When I saw a post advertising free black raspberry canes on a local listserv, I jumped at the chance.
Because they are so prolific, asking around will usually yield someone who is happy to give you cuttings in exchange for helping them manage their berry patch.
Placement of Black Raspberries in the Edible Landscape
We planted them in front of our house, right next to the front porch by taking out the traditional yew bushes.
Black raspberries lend themselves to be foundational plantings, because:
- Their height never exceeds 2 1/2 – 4 feet (if they’re pruned properly)
- They’re thorny, so they provide some security near windows
- They grow great in a straight line (they’re easier to train that way)
- They’re beautiful in both winter and summer
- They “stay put”
- They’re shade tolerant and grow well in areas that are overshadowed by the house
- They are “juglone tolerant” and can be planted near black walnut trees, which produce a chemical called juglone that can poison many plants.
Wildlife and Growing Black Raspberries
1) The birds love them.
In fact, out of all of the fruit in our yard, these are by far their favorite.
Bird netting and shiny things like old CDs will deter them some.
My current unproven hypothesis for deterring birds is to prune the canes to a shorter height (closer to the 2.5-3 feet height). If the raspberries are lower to the ground, there is more risk to the birds by neighborhood predators such as cats.
Our black raspberries are pruned at around 4 feet, and the birds eat to their hearts content with Molly the cat looking onward. I’d like to prune them shorter in the future to see if there’s a difference.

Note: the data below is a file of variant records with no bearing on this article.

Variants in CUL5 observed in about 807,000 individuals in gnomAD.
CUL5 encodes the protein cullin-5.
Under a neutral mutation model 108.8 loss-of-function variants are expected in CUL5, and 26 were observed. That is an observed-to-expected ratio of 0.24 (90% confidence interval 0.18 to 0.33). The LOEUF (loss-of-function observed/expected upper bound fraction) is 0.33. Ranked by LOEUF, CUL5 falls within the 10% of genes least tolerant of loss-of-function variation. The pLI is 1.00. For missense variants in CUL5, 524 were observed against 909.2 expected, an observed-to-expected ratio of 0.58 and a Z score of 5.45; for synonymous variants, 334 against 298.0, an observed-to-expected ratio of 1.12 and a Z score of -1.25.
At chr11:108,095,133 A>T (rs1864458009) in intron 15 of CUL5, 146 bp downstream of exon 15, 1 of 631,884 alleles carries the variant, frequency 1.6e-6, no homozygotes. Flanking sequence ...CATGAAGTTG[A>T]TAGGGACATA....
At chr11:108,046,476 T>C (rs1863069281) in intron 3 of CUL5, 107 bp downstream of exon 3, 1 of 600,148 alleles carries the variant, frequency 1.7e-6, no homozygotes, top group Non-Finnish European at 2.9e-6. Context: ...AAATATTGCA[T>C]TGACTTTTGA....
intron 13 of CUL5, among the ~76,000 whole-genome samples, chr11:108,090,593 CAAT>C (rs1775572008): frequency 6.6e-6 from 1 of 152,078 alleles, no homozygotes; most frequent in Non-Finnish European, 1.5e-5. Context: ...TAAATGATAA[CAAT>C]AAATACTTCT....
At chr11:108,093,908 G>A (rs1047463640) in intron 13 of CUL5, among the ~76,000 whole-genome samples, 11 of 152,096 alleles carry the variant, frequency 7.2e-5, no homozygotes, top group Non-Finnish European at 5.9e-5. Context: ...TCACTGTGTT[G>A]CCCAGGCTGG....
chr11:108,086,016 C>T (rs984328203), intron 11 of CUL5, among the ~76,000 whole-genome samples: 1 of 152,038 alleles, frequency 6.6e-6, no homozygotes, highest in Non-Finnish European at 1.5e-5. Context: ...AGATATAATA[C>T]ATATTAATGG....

2) The deer love them, too.
We don’t have deer in our neighborhood, so we don’t have to take precautions.
But fencing them in completely is going to be your only defense. Deer will eat the entire plant, not just the berries. (I don’t know how they stand those thorns!)
Grow a fedge!
If you have a deer problem, consider growing a fedge. A fedge is a food hedge, planted on the outside with food for wildlife, and planted on the inside with food for humans. The fedge is so densely planted, that the deer would rather just stay on the outside and munch on things than jump on into your garden.
The fedge works if you have a decent amount of space. Perhaps it’s 6 feet wide on the outside and 6 feet wide on the human side. Densely planted shrubs and trees of varying heights in the fedge also serve to confuse their limited depth perception. Plus, fedge is a cool word. Here’s a short post on the matter.
I hope you don’t need deer fencing, but it may be necessary depending on your situation.
Harvesting Black Raspberries
To get your best harvest, you’ll want to train and prune them correctly, which is a fairly simple task. Check out my post about training and pruning black raspberries.
Don’t expect to get any fruit in your first year of planting. In your second year, you’ll get a handful or so from each hill. After your second year, you should get a good harvest off of each hill: 2-6 quarts, depending on your wildlife deterring strategies and whether or not your plants are in the sun (more sun = bigger harvest).
Learn about the ripening season for the specific variety you plant. Varieties will ripen either in early, mid-, or late season. Ours ripen in June, so June is not the month for us to go on vacation if we want to harvest black raspberries!
When they’re ready to harvest, they’ll turn from bright reds to deep purples. Once they begin to ripen, you’ll want to harvest everyday in order to beat your wildlife friends (who will inevitably get some anyway).
Using Black Raspberries in the Kitchen
I freeze most of mine because they perish so quickly, and use them throughout the winter. Black raspberries are great–fresh or frozen–in smoothies and baked goods, over vanilla ice cream, or in jellies. Here are some more ideas on how to use the berries.
If you’re not growing black raspberries yet, I hope you’ll consider adding them to your garden or landscape this year.
Are you growing black raspberries? What advice do you have?